LONDON (AP) -- Stock markets extended gains and the euro struck a two-month high against the dollar Thursday after the Greek Prime Minister's office said a deal has been struck with coalition parties on new cuts that are necessary for the country to get crucial bailout funds.
Greece needs the money to avoid defaulting on its debts next month when a big bond repayment is due -- a scenario that could send shock waves all round the European economy.
Following confirmation that a deal has been agreed by Greece's often-squabbling politicians, stock markets, the euro and oil prices rose. Though the prevailing view has for weeks been that Greece would get its bailout, there was still an element of doubt especially as the talks dragged on for days longer than anticipated.
In Europe, the FTSE 100 index of leading British shares was up 0.6 percent at 5,911 while Germany's DAX rose 0.9 percent to 6,807. The CAC-40 in France was 0.9 percent higher at 3,441.
The euro was trading up 0.4 percent at $1.3294, near two-month highs.
Wall Street was poised for a solid opening, too -- Dow futures and S&P 500 futures were both up 0.3 percent.
A Greek deal had appeared to be imminent in the early hours of Thursday following marathon talks but the leaders of the three political parties supporting the government led by Prime Minister Lucas Papademos failed to accept the entire batch of new harsh austerity measures demanded by creditors. The talks stalled after the leaders balked at creditors' demands to make €300 million ($398 million) in pension cuts.
The focus in the markets remains on Greece despite a raft of mixed earnings in Europe. While Germany's Daimler AG saw its share price bounce around 5 percent following another strong performance from its Mercedes luxury car division, Swiss bank Credit Suisse AG and Dutch bank and insurance firm ING Groep NV were down around 3 percent after disappointing updates.
The attention over the rest of the day will likely remain on Greece, especially at the monthly press conference of European Central Bank president Mario Draghi after the bank announced it was keeping its benchmark interest rate unchanged at 1 percent.
Draghi will likely be asked at his press conference whether the bank will help lighten Greece's debt loan by forgoing profits on €55 billion ($72 billion) in Greek bonds it owns. The ECB could do that by selling the bonds to the eurozone bailout fund for what it paid for them, and the fund could then write them down, lightening Athens debt load.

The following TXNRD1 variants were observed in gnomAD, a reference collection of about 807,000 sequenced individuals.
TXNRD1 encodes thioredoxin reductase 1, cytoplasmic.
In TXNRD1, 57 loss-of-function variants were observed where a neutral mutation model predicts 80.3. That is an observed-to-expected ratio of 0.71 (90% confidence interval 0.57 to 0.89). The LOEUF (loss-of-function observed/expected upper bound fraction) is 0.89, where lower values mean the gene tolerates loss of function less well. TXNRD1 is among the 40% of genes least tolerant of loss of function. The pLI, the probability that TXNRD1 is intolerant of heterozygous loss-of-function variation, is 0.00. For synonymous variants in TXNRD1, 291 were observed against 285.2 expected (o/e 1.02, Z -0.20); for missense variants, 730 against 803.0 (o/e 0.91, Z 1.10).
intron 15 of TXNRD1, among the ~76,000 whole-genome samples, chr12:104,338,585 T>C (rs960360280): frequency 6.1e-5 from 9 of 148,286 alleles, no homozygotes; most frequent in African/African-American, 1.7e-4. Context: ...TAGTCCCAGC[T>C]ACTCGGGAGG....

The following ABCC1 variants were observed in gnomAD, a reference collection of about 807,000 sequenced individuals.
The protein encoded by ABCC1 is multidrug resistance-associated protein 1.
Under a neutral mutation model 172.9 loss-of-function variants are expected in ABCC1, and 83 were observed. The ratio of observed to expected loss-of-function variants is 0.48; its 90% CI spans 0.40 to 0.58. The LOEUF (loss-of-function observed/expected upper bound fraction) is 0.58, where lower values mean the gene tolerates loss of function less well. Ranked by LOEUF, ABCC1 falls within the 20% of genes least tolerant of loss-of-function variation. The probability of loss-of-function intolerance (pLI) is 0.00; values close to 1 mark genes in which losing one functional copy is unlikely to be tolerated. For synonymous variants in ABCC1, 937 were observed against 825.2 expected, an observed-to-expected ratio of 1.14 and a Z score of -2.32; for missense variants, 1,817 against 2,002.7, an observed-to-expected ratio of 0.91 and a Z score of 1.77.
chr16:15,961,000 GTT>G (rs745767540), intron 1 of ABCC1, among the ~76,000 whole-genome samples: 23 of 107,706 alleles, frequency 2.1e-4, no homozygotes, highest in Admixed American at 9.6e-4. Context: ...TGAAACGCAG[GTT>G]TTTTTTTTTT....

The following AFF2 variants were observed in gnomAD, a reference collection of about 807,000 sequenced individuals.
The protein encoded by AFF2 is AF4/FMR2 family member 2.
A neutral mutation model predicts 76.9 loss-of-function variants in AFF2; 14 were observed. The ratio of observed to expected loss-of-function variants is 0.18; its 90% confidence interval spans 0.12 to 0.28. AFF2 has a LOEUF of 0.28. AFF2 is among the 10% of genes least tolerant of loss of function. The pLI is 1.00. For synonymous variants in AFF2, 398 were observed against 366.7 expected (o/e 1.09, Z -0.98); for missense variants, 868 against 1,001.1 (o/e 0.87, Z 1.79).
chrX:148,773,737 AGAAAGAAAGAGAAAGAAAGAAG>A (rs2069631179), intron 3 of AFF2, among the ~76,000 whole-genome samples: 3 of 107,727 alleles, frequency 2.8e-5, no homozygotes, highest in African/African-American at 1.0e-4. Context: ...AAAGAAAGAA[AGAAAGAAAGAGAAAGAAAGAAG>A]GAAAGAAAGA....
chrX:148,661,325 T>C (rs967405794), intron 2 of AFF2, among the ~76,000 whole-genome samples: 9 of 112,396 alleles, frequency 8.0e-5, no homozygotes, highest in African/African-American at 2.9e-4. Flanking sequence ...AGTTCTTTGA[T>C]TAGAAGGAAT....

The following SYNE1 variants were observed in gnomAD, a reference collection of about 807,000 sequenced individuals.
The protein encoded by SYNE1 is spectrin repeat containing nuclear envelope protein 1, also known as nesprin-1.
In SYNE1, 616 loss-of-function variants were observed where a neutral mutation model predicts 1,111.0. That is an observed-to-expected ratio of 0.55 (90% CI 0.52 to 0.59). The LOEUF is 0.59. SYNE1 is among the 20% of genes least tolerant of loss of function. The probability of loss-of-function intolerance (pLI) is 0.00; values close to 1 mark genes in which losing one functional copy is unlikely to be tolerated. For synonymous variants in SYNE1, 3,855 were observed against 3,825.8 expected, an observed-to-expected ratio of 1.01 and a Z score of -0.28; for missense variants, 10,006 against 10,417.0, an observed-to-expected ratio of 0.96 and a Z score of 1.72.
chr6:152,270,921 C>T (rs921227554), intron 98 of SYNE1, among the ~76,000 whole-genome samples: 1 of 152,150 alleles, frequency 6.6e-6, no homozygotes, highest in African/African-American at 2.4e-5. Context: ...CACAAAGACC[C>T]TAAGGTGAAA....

The Bank of England was also focus after it announced its intention to pump another 50 billion pounds ($79 billion) into the ailing British economy while keeping its own main interest rate at the record low of 0.5 percent.
The hope is that by increasing the amount of money in the financial system the purchases, known as quantitative easing or QE, will loosen credit for businesses and raise asset prices. Quantitative easing can be inflationary, but analysts say the bank has room to act.
Earlier, Asian shares were muted by Chinese inflation figures showed consumer prices rose 4.5 percent in January over a year earlier, up from the previous month's 4.1 percent. The People's Bank of China eased lending curbs in December to promote growth in the slowing economy but the unexpected jump in the cost of living could make the central bank wary of carrying out further steps to loosen credit.
On mainland China, the benchmark Shanghai Composite Index gained 0.1 percent to 2,349.59. The Shenzhen Composite Index gained 0.6 percent to 898.89.
Japan's Nikkei 225 index closed down 0.2 percent to 9,002.24 while South Korea's Kospi rose 0.5 percent to 2,014.62. Hong Kong's Hang Seng slipped marginally to 20,010.01
Oil markets were fairly subdued as attention centered on the Greek bailout talks -- benchmark oil for March delivery was up 82 cents to $99.53 per barrel in electronic trading on the New York Mercantile Exchange.